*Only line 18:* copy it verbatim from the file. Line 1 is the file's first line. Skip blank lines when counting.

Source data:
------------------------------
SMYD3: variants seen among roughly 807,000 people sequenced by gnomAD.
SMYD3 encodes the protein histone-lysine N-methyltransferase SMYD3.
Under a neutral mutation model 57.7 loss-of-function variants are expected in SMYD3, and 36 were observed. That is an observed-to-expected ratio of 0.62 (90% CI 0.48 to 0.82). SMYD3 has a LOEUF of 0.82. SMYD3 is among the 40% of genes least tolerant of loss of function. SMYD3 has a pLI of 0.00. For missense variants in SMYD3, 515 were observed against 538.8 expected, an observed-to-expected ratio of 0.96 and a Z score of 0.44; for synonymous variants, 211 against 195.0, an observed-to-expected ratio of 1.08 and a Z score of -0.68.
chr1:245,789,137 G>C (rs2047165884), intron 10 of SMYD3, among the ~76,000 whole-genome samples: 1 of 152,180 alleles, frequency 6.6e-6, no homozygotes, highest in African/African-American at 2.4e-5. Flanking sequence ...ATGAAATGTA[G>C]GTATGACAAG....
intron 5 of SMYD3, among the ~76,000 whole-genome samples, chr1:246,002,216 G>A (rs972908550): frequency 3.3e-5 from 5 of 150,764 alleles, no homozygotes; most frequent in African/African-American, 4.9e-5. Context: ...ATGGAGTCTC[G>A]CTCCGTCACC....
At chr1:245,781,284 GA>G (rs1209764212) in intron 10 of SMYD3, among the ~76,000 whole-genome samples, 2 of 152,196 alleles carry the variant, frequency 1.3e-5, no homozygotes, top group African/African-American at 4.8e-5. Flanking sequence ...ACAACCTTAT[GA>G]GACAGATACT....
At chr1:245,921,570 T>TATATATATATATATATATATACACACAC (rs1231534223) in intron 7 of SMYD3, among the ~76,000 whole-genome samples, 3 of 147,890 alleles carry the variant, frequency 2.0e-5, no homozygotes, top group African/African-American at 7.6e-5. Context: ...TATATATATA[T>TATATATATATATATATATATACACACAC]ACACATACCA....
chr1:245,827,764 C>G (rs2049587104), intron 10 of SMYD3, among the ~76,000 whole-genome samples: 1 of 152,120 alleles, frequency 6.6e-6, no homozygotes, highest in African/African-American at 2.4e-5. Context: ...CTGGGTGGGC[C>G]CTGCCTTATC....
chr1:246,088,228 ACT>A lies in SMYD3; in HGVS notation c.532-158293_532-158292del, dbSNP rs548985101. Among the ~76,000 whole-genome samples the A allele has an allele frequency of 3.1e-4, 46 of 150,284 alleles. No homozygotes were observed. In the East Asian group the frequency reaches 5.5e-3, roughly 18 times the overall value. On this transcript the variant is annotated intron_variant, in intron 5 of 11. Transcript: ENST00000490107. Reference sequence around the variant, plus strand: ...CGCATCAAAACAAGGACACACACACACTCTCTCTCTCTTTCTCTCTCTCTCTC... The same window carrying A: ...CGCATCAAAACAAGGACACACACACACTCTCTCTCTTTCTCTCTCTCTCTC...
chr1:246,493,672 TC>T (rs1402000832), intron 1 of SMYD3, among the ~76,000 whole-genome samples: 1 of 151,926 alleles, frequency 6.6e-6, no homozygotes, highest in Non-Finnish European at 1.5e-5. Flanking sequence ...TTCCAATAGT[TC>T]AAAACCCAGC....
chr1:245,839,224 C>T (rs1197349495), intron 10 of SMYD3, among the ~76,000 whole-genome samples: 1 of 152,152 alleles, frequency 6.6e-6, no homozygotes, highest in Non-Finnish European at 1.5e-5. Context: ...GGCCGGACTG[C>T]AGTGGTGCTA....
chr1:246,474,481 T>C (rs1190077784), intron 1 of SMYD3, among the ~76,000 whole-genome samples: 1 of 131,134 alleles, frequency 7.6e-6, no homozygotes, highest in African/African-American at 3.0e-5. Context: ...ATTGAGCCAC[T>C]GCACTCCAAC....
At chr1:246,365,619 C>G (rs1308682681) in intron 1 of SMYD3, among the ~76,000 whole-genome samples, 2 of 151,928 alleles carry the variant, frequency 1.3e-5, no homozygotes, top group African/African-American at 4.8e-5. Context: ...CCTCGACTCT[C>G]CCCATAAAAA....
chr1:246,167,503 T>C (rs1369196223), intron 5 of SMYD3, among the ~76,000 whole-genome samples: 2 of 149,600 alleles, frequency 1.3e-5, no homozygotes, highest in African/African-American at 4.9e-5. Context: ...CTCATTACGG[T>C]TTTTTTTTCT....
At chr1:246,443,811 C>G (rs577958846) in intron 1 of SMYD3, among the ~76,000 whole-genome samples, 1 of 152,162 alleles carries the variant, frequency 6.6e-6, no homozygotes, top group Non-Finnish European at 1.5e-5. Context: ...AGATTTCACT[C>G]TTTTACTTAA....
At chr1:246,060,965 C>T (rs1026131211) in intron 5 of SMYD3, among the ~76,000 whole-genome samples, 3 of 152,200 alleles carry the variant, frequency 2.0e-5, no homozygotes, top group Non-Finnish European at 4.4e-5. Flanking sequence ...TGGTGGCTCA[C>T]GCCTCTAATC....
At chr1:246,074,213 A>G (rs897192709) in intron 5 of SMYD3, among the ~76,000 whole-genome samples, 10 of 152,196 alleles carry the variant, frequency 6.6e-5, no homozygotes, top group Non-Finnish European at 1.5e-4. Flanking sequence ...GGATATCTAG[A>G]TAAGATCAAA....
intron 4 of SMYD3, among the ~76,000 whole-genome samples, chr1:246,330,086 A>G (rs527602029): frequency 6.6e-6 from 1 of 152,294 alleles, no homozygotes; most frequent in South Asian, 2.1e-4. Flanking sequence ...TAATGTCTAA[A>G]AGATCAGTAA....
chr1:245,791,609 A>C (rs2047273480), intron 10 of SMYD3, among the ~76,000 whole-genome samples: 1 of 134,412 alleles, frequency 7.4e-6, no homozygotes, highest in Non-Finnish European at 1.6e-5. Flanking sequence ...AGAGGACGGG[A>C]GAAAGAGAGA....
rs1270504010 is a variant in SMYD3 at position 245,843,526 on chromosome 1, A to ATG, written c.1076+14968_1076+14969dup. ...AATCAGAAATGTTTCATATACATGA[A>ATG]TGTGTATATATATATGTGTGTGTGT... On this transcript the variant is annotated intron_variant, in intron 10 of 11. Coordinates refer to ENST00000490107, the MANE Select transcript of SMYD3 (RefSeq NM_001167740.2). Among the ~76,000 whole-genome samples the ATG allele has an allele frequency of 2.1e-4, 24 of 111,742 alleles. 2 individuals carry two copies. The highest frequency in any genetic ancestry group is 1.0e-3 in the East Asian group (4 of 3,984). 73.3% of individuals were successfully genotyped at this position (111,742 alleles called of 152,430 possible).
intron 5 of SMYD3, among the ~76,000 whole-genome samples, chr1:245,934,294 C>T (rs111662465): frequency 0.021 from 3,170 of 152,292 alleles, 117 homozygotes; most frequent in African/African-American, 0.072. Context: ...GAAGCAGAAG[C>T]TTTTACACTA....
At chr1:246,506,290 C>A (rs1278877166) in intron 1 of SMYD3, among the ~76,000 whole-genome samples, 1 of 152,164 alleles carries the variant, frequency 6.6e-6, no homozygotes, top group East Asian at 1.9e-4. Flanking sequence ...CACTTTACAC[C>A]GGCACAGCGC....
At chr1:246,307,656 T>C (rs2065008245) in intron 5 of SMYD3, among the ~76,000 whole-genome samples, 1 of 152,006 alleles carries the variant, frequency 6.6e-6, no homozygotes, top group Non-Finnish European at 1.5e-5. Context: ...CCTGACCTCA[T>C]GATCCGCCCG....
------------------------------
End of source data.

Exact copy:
intron 4 of SMYD3, among the ~76,000 whole-genome samples, chr1:246,330,086 A>G (rs527602029): frequency 6.6e-6 from 1 of 152,294 alleles, no homozygotes; most frequent in South Asian, 2.1e-4. Flanking sequence ...TAATGTCTAA[A>G]AGATCAGTAA....